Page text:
More than a month after asking Superintendent Garry McCarthy to resign, Chicago Mayor Rahm Emanuel is taking yet another important step to reform the city’s police department.
Emanuel has tapped Charles Ramsey, one of the United States’ most high-profile names in law enforcement, to guide the Chicago Police Department on civil rights issues.
The move comes in the wake of the Octobert 2014 death of black teenager Laquan McDonald, who was shot 16 times by a white cop Officer Jason van Dyke. Footage of the shooting was released last December and it triggered mass protests against police brutality in the city with people asking the authorities as to why it took them over a year to make the video public.
Emanuel “took responsibility” for McDonald’s death but only after an email dump released earlier this month revealed that the mayor ordered the burial of the dashcam footage of the shooting. The new evidence prompted already outraged protesters to call for his resignation.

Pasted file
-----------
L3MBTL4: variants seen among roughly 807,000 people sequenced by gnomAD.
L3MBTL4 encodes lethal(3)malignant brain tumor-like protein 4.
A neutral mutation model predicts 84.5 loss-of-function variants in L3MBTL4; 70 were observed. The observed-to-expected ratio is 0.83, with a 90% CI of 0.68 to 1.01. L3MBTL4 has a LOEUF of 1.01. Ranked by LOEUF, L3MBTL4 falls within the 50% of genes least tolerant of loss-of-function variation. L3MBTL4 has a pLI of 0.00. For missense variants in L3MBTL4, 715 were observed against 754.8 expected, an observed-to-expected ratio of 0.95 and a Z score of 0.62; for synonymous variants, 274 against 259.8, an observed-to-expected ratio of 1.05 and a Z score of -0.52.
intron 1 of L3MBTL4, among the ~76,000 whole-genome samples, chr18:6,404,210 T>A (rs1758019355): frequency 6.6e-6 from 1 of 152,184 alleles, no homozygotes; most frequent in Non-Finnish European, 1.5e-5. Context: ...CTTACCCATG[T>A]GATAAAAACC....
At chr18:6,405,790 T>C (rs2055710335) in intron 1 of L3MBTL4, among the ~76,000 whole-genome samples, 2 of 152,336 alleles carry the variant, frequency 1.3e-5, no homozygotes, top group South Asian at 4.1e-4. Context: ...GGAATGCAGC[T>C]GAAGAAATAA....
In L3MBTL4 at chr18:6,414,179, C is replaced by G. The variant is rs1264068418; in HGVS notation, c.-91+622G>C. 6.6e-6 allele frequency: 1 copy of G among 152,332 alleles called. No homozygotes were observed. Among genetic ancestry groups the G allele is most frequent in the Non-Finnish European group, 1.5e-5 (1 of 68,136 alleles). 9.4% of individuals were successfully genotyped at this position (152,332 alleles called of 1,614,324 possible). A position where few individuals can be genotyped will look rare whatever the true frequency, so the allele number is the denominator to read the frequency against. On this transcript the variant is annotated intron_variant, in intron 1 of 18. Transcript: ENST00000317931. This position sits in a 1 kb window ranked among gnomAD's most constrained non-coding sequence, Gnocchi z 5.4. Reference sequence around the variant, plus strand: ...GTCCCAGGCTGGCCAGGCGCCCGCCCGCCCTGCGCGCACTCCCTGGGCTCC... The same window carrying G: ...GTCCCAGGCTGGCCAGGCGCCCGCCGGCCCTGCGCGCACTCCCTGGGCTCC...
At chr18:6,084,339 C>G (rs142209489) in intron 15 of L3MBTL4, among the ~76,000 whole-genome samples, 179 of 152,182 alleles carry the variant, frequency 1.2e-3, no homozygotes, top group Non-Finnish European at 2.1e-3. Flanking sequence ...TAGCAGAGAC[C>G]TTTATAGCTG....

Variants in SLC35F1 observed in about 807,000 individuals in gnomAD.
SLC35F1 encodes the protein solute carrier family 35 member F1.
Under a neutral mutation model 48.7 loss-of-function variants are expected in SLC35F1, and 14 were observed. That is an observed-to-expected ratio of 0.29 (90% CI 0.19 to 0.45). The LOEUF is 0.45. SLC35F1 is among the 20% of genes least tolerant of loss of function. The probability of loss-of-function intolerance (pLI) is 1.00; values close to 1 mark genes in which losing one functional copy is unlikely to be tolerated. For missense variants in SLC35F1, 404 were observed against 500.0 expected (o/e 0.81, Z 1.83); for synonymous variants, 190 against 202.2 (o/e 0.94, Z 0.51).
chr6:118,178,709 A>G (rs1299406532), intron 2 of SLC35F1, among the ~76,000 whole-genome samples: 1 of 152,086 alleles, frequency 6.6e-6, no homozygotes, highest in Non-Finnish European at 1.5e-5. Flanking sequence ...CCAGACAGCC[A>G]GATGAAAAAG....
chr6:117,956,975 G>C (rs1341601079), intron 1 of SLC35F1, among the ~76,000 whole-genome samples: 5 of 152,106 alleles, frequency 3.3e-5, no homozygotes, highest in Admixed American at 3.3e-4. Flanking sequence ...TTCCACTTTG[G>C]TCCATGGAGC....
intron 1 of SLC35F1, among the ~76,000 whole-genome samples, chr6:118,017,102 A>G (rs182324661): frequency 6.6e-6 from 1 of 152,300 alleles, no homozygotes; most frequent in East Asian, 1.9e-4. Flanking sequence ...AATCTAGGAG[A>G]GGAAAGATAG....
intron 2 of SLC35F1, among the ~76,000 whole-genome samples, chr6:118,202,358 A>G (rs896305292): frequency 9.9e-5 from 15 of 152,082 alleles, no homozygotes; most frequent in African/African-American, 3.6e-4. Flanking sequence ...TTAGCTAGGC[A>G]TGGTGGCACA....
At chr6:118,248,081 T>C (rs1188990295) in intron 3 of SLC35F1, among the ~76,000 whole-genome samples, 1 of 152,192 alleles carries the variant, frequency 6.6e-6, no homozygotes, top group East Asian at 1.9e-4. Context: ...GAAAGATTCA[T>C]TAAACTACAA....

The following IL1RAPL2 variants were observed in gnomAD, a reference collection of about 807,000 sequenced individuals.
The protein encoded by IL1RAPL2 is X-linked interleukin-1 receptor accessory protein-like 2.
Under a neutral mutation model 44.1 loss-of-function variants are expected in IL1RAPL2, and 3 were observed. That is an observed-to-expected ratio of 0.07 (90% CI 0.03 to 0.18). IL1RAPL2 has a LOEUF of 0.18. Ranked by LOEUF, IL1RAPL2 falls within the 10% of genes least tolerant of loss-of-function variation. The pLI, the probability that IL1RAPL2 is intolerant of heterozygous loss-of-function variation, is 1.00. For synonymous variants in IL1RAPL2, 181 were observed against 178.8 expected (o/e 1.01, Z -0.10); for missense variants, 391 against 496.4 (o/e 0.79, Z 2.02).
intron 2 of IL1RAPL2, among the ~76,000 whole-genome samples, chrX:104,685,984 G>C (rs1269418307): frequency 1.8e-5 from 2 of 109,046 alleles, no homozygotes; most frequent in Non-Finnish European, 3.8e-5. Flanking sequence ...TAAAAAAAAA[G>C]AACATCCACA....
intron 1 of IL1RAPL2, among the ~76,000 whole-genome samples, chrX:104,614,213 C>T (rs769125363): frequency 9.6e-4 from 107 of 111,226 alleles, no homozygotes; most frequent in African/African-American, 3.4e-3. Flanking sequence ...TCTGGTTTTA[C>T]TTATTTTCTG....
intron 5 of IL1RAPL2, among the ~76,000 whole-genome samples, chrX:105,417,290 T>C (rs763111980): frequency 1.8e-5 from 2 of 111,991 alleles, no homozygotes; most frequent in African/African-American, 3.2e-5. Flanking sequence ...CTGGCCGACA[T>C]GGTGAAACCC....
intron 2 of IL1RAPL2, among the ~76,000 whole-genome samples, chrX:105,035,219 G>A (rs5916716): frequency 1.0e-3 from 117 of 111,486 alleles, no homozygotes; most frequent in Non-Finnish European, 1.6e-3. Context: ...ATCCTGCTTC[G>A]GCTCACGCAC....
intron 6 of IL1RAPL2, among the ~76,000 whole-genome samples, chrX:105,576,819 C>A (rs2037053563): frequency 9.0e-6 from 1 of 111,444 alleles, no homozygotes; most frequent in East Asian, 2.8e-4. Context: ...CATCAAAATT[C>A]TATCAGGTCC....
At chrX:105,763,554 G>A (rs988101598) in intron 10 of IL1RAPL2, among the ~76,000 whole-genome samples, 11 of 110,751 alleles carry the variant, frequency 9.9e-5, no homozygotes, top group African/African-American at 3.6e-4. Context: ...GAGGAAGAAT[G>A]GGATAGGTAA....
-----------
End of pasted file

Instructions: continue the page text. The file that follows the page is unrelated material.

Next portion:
However, instead of stepping down, Emanuel asked McCarthy to leave.
And now, in a move to salvage the city’s police force’s reputation — and his own — Emanuel asked Ramsey to serve as a senior advisor to the CPD.
Ramsey has had a successful policing career spanning nearly 50 years, with experience heading both Washington, D.C., and Philadelphia's police forces. But whether or not he’ll be able to save Chicago is something that only time will tell. He introduced various progressive policies during his tenure as Philadelphia’s police commissioner, including one proposal to identify police officers involved in a shooting within 72 hours.
But even after a dramatic reduction in deaths by police shootings in Philadelphia under Ramsey, the mistrust between the black population of the city and the police still remains. And it’s the same problem that needs to be solved in Chicago.
McDonald’s killing was one of the many cases of excessive use of force by mainly white police officers against people of color. There is a general impression among Chicagoans that police misconduct often goes unpunished which has created distrust between the cops and the people of the city.
Even with someone like Ramsey leading the CPD, it’s going to take years to restore the city’s faith in the police department.